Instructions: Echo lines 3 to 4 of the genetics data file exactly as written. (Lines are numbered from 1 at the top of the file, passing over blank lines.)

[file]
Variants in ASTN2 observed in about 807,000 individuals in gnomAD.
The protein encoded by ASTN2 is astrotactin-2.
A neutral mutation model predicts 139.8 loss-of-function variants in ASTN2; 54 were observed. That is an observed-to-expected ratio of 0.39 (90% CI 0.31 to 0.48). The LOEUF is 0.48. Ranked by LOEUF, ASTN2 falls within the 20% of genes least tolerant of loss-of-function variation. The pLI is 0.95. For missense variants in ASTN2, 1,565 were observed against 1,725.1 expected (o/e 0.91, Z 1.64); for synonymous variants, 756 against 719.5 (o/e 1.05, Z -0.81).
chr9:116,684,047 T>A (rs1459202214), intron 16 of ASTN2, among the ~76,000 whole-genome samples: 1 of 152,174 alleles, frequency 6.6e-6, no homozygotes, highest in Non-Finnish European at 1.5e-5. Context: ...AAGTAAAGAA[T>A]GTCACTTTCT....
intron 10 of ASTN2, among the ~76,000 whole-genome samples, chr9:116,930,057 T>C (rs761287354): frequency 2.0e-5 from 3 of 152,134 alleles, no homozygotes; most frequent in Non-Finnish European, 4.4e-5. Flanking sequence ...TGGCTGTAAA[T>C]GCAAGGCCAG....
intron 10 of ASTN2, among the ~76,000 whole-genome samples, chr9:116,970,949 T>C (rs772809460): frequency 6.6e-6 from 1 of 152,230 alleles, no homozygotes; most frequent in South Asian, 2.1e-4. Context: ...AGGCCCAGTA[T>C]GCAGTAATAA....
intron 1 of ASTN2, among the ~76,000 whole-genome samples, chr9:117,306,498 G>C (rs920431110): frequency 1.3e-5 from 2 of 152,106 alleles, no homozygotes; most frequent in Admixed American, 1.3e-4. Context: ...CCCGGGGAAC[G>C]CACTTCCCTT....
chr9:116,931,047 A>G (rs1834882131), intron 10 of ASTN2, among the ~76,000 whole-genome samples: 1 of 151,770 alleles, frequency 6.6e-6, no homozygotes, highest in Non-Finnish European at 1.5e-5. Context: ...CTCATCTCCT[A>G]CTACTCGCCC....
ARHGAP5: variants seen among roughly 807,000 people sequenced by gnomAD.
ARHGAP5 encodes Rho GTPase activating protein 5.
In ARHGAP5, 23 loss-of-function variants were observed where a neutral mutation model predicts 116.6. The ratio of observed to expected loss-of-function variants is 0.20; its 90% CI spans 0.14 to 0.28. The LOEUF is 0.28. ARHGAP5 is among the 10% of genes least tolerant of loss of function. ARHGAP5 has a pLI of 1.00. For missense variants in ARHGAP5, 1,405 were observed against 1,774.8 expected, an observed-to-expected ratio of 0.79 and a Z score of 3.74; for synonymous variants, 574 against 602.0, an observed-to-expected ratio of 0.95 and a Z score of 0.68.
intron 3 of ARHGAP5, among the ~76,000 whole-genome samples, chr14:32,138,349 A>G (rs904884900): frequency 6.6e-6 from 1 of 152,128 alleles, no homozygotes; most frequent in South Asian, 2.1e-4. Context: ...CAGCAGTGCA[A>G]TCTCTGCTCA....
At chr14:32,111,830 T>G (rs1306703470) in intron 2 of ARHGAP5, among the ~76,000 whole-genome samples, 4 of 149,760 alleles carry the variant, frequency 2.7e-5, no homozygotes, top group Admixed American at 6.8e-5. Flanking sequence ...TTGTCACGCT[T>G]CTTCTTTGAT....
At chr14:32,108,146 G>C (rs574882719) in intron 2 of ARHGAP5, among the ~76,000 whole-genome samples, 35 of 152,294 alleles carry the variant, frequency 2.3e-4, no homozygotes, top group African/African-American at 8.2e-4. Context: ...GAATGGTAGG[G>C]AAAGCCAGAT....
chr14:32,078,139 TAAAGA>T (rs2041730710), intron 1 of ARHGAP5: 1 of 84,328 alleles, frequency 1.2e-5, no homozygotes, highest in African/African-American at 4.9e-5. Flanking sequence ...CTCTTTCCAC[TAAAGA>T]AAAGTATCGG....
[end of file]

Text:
A neutral mutation model predicts 139.8 loss-of-function variants in ASTN2; 54 were observed. That is an observed-to-expected ratio of 0.39 (90% CI 0.31 to 0.48). The LOEUF is 0.48. Ranked by LOEUF, ASTN2 falls within the 20% of genes least tolerant of loss-of-function variation. The pLI is 0.95. For missense variants in ASTN2, 1,565 were observed against 1,725.1 expected (o/e 0.91, Z 1.64); for synonymous variants, 756 against 719.5 (o/e 1.05, Z -0.81).
chr9:116,684,047 T>A (rs1459202214), intron 16 of ASTN2, among the ~76,000 whole-genome samples: 1 of 152,174 alleles, frequency 6.6e-6, no homozygotes, highest in Non-Finnish European at 1.5e-5. Context: ...AAGTAAAGAA[T>A]GTCACTTTCT....